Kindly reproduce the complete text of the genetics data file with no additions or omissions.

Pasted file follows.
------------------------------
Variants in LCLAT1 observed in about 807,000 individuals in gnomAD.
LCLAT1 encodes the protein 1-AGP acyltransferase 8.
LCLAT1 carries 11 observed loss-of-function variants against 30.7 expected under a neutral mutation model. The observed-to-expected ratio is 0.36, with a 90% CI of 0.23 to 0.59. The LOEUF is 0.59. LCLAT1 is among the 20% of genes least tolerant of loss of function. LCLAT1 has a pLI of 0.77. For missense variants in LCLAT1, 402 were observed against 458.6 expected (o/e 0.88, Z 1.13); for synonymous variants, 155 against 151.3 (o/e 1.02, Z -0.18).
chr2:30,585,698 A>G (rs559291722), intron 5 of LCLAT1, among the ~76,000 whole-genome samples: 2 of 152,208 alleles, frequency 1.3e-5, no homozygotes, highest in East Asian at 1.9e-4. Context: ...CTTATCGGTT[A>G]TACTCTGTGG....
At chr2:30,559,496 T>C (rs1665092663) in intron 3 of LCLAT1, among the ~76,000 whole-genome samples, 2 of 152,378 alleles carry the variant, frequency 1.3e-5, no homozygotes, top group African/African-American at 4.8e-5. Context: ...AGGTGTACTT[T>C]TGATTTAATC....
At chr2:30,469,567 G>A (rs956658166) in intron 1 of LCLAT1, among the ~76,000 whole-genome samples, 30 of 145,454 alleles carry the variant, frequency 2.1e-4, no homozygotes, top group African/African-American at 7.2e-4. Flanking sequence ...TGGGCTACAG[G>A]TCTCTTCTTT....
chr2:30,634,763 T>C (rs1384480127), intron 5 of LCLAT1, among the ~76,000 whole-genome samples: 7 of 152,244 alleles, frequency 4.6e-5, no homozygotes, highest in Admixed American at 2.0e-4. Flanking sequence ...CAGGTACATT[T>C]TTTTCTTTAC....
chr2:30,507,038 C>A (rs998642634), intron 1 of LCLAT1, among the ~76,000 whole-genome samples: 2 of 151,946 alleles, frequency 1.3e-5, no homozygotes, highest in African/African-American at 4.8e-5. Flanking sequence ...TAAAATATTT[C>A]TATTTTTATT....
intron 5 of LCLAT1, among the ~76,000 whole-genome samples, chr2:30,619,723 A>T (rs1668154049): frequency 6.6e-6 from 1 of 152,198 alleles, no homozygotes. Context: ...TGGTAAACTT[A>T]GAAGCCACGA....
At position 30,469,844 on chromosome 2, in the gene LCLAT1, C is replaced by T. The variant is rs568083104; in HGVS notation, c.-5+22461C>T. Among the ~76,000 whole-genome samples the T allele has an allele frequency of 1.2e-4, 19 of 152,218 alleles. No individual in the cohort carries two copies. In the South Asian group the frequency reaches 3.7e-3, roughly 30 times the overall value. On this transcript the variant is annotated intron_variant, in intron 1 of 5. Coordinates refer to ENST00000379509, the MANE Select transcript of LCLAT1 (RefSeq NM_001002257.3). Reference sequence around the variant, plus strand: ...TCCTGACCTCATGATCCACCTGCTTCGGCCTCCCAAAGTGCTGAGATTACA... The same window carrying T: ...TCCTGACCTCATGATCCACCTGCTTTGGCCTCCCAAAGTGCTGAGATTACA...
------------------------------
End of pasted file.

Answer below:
Variants in LCLAT1 observed in about 807,000 individuals in gnomAD.
LCLAT1 encodes the protein 1-AGP acyltransferase 8.
LCLAT1 carries 11 observed loss-of-function variants against 30.7 expected under a neutral mutation model. The observed-to-expected ratio is 0.36, with a 90% CI of 0.23 to 0.59. The LOEUF is 0.59. LCLAT1 is among the 20% of genes least tolerant of loss of function. LCLAT1 has a pLI of 0.77. For missense variants in LCLAT1, 402 were observed against 458.6 expected (o/e 0.88, Z 1.13); for synonymous variants, 155 against 151.3 (o/e 1.02, Z -0.18).
chr2:30,585,698 A>G (rs559291722), intron 5 of LCLAT1, among the ~76,000 whole-genome samples: 2 of 152,208 alleles, frequency 1.3e-5, no homozygotes, highest in East Asian at 1.9e-4. Context: ...CTTATCGGTT[A>G]TACTCTGTGG....
At chr2:30,559,496 T>C (rs1665092663) in intron 3 of LCLAT1, among the ~76,000 whole-genome samples, 2 of 152,378 alleles carry the variant, frequency 1.3e-5, no homozygotes, top group African/African-American at 4.8e-5. Context: ...AGGTGTACTT[T>C]TGATTTAATC....
At chr2:30,469,567 G>A (rs956658166) in intron 1 of LCLAT1, among the ~76,000 whole-genome samples, 30 of 145,454 alleles carry the variant, frequency 2.1e-4, no homozygotes, top group African/African-American at 7.2e-4. Flanking sequence ...TGGGCTACAG[G>A]TCTCTTCTTT....
chr2:30,634,763 T>C (rs1384480127), intron 5 of LCLAT1, among the ~76,000 whole-genome samples: 7 of 152,244 alleles, frequency 4.6e-5, no homozygotes, highest in Admixed American at 2.0e-4. Flanking sequence ...CAGGTACATT[T>C]TTTTCTTTAC....
chr2:30,507,038 C>A (rs998642634), intron 1 of LCLAT1, among the ~76,000 whole-genome samples: 2 of 151,946 alleles, frequency 1.3e-5, no homozygotes, highest in African/African-American at 4.8e-5. Flanking sequence ...TAAAATATTT[C>A]TATTTTTATT....
intron 5 of LCLAT1, among the ~76,000 whole-genome samples, chr2:30,619,723 A>T (rs1668154049): frequency 6.6e-6 from 1 of 152,198 alleles, no homozygotes. Context: ...TGGTAAACTT[A>T]GAAGCCACGA....
At position 30,469,844 on chromosome 2, in the gene LCLAT1, C is replaced by T. The variant is rs568083104; in HGVS notation, c.-5+22461C>T. Among the ~76,000 whole-genome samples the T allele has an allele frequency of 1.2e-4, 19 of 152,218 alleles. No individual in the cohort carries two copies. In the South Asian group the frequency reaches 3.7e-3, roughly 30 times the overall value. On this transcript the variant is annotated intron_variant, in intron 1 of 5. Coordinates refer to ENST00000379509, the MANE Select transcript of LCLAT1 (RefSeq NM_001002257.3). Reference sequence around the variant, plus strand: ...TCCTGACCTCATGATCCACCTGCTTCGGCCTCCCAAAGTGCTGAGATTACA... The same window carrying T: ...TCCTGACCTCATGATCCACCTGCTTTGGCCTCCCAAAGTGCTGAGATTACA...